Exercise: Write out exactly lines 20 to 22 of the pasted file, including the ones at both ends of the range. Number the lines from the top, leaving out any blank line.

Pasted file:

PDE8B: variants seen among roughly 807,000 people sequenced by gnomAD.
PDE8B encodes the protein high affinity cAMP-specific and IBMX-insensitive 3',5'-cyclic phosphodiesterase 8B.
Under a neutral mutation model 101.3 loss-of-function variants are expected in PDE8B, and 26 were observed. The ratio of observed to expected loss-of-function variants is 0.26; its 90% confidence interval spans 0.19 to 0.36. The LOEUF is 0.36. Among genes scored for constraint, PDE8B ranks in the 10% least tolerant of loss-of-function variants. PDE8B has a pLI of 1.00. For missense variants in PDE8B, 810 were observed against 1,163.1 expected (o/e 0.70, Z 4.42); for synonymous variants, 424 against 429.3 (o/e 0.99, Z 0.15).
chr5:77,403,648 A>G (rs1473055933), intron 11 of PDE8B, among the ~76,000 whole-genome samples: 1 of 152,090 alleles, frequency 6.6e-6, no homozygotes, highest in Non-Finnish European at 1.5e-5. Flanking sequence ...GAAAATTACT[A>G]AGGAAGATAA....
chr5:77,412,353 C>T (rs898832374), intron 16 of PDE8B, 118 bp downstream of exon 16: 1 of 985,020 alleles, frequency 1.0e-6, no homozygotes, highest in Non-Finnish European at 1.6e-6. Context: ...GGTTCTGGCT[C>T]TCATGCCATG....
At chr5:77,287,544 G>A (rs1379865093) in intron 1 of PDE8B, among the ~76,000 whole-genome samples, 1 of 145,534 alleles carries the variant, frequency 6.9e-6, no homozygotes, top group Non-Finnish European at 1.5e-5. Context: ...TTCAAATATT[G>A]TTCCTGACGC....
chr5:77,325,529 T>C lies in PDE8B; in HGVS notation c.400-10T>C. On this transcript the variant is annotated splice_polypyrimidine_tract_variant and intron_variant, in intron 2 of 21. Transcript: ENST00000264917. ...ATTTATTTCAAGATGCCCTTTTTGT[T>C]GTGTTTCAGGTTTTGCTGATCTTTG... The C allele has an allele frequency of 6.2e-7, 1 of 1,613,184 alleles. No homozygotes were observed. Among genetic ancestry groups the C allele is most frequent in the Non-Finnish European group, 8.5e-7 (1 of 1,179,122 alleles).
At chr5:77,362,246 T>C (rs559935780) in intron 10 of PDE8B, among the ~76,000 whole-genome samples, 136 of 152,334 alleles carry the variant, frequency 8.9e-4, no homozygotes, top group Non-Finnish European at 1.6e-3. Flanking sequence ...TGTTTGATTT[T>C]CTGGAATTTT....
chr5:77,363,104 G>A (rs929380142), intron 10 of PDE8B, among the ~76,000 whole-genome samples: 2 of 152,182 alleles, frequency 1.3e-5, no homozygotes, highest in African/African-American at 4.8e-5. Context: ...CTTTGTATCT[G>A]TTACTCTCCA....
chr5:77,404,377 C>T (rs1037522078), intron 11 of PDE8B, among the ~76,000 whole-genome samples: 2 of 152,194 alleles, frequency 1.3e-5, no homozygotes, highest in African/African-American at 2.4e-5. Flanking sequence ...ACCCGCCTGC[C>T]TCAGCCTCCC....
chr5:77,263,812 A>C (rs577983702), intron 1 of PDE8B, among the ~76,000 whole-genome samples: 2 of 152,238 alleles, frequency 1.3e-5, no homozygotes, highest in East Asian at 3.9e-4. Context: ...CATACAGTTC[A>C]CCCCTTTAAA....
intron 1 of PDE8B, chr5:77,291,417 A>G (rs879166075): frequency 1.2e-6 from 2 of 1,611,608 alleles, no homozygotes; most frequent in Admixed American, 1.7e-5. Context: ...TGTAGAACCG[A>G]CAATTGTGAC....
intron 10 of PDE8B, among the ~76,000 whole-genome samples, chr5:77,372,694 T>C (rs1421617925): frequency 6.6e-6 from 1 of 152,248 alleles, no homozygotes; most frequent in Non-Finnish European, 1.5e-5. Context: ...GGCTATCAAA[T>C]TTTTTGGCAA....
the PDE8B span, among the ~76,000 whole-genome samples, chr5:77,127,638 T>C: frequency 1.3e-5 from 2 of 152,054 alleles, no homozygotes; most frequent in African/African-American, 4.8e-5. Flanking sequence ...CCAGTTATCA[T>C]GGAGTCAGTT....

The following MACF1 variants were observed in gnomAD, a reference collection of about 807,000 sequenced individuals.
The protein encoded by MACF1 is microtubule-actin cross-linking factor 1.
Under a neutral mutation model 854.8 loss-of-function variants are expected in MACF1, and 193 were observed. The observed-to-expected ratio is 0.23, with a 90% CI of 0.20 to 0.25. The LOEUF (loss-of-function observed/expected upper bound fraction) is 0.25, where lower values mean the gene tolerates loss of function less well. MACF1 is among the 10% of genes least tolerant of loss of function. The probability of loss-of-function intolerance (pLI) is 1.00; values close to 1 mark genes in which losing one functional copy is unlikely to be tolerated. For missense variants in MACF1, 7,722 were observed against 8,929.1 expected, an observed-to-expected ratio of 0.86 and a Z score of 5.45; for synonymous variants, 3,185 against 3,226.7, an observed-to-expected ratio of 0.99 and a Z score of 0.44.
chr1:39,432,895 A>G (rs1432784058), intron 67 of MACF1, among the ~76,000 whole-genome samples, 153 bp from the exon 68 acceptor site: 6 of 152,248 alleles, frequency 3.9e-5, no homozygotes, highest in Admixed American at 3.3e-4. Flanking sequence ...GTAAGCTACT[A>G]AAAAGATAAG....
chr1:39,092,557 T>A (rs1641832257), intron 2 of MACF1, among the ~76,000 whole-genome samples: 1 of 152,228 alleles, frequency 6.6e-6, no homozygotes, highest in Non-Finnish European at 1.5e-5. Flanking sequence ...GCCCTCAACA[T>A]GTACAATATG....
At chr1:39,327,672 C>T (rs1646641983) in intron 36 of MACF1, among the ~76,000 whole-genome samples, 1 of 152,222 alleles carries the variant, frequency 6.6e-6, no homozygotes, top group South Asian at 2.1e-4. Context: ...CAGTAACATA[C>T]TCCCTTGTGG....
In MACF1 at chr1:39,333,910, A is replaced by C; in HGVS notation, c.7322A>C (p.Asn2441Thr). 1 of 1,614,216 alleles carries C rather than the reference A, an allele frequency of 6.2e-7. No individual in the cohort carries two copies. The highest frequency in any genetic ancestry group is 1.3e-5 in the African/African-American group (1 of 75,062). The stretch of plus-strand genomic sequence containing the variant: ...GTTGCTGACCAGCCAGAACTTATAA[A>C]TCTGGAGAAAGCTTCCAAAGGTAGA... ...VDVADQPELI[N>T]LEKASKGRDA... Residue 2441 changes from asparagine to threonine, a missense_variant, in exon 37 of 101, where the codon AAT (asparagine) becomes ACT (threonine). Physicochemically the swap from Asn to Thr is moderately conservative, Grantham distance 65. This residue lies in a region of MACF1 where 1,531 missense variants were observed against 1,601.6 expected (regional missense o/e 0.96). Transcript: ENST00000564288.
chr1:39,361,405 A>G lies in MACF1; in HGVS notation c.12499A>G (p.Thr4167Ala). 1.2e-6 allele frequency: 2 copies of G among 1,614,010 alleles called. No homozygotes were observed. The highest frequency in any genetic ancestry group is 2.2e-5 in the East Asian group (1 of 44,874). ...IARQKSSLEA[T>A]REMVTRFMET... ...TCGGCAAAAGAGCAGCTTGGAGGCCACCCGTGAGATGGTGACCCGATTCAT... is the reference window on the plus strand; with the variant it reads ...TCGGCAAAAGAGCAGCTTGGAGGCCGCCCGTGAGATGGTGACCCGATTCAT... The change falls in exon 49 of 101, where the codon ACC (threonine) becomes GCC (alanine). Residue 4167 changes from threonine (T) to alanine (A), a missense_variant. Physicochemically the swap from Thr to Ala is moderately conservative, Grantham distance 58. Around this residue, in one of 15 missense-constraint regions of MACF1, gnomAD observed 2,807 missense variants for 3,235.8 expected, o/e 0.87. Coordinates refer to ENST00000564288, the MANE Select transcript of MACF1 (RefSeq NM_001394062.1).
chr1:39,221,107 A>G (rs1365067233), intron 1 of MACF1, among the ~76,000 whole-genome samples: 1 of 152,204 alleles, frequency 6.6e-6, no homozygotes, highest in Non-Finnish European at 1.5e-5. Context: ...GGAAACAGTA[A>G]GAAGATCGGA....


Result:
At chr1:39,327,672 C>T (rs1646641983) in intron 36 of MACF1, among the ~76,000 whole-genome samples, 1 of 152,222 alleles carries the variant, frequency 6.6e-6, no homozygotes, top group South Asian at 2.1e-4. Context: ...CAGTAACATA[C>T]TCCCTTGTGG....
In MACF1 at chr1:39,333,910, A is replaced by C; in HGVS notation, c.7322A>C (p.Asn2441Thr). 1 of 1,614,216 alleles carries C rather than the reference A, an allele frequency of 6.2e-7. No individual in the cohort carries two copies. The highest frequency in any genetic ancestry group is 1.3e-5 in the African/African-American group (1 of 75,062). The stretch of plus-strand genomic sequence containing the variant: ...GTTGCTGACCAGCCAGAACTTATAA[A>C]TCTGGAGAAAGCTTCCAAAGGTAGA... ...VDVADQPELI[N>T]LEKASKGRDA... Residue 2441 changes from asparagine to threonine, a missense_variant, in exon 37 of 101, where the codon AAT (asparagine) becomes ACT (threonine). Physicochemically the swap from Asn to Thr is moderately conservative, Grantham distance 65. This residue lies in a region of MACF1 where 1,531 missense variants were observed against 1,601.6 expected (regional missense o/e 0.96). Transcript: ENST00000564288.
chr1:39,361,405 A>G lies in MACF1; in HGVS notation c.12499A>G (p.Thr4167Ala). 1.2e-6 allele frequency: 2 copies of G among 1,614,010 alleles called. No homozygotes were observed. The highest frequency in any genetic ancestry group is 2.2e-5 in the East Asian group (1 of 44,874). ...IARQKSSLEA[T>A]REMVTRFMET... ...TCGGCAAAAGAGCAGCTTGGAGGCCACCCGTGAGATGGTGACCCGATTCAT... is the reference window on the plus strand; with the variant it reads ...TCGGCAAAAGAGCAGCTTGGAGGCCGCCCGTGAGATGGTGACCCGATTCAT... The change falls in exon 49 of 101, where the codon ACC (threonine) becomes GCC (alanine). Residue 4167 changes from threonine (T) to alanine (A), a missense_variant. Physicochemically the swap from Thr to Ala is moderately conservative, Grantham distance 58. Around this residue, in one of 15 missense-constraint regions of MACF1, gnomAD observed 2,807 missense variants for 3,235.8 expected, o/e 0.87. Coordinates refer to ENST00000564288, the MANE Select transcript of MACF1 (RefSeq NM_001394062.1).